The exodus continues. Tawera Kerr-Barlow will leave New Zealand at the end of 2017 to take up a three-year deal with French club La Rochelle.
The 26-year old has mass experience in all levels of the game and has represented his region and country at all levels. Kerr-Barlow made his Chiefs debut back in 2011 as the 198th player to represent the club. With just seven tries under his belt in 70 appearances in Super Rugby; it isn’t the output of points that got Kerr-Barlow into the All Blacks but it was his skill from the pocket.
Precise with his kicking and a potent counter-attack threat from the back of the ruck, Kerr-Barlow has showed all that and more so far in what will turn out to be his last season in New Zealand.
“It was an extremely hard decision to make, but I feel it is the right one for my family and myself”, Kerr-Barlow said.
— Chiefs Rugby (@ChiefsRugby) March 14, 2017
In his 25 Tests for the All Blacks, 23 of those have been from off the bench. In 2016, Kerr-Barlow made five appearances under Steve Hansen’s All Blacks side and was awarded a starting role against Italy in Rome. Kerr-Barlow also had a massive impact for the All Blacks when he came off the bench in the 2015 Rugby World Cup quarter-final against France in Cardiff.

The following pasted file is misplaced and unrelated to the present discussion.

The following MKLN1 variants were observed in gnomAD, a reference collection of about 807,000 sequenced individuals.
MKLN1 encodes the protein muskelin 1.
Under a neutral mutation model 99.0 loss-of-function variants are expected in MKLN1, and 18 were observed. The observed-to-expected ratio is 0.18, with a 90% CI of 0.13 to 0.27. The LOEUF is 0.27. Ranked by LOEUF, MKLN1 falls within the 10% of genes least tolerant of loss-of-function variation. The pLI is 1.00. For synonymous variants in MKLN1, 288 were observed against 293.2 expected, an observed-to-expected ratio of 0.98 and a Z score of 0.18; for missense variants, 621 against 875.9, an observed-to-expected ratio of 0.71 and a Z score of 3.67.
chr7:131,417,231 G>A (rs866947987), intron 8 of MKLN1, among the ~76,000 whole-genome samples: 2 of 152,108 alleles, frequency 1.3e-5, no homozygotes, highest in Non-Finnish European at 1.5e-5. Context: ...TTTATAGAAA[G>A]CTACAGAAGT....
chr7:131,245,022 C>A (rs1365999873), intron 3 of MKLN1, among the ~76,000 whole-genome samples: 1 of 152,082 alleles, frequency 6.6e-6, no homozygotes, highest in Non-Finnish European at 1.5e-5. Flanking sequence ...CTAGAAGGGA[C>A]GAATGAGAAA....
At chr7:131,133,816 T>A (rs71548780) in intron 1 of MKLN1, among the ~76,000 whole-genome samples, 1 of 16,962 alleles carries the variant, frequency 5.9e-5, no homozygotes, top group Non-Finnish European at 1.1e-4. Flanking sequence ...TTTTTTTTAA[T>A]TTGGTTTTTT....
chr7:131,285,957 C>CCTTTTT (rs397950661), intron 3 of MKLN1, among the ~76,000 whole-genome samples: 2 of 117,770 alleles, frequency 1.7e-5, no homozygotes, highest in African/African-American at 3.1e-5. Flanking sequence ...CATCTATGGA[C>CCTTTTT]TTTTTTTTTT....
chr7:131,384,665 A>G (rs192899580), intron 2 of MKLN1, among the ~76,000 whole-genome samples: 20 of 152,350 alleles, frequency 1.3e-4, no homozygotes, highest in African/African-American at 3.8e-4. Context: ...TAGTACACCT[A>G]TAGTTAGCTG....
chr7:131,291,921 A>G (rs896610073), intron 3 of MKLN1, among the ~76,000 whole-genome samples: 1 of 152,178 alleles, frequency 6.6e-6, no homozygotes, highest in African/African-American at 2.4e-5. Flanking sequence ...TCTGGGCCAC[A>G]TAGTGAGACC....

How Tawera Kerr-Barlow’s Deal Impacts NZ Rugby
If his form from the last couple of weeks is anything to go by, Kerr-Barlow will again don the black jersey before leaving. He is the form halfback in Super Rugby early in the season, but he’s also playing without the pressure of Brad Weber chopping at his heels. Weber’s season is over after suffering a major injury at the Brisbane Tens in February, and the lack of competition for the starting halfback role appears to have cleared Kerr-Barlow’s mind to just focus on executing his game.
Aaron Smith and TJ Perenara are still the top two in that position; but 2018 is now wide open for someone to come and establish themselves in the conversation. A fully fit Brad Weber will be in the picture, but don’t forget about the likes of Bryn Hall and Mitchell Drummond either.
“Main photo credit”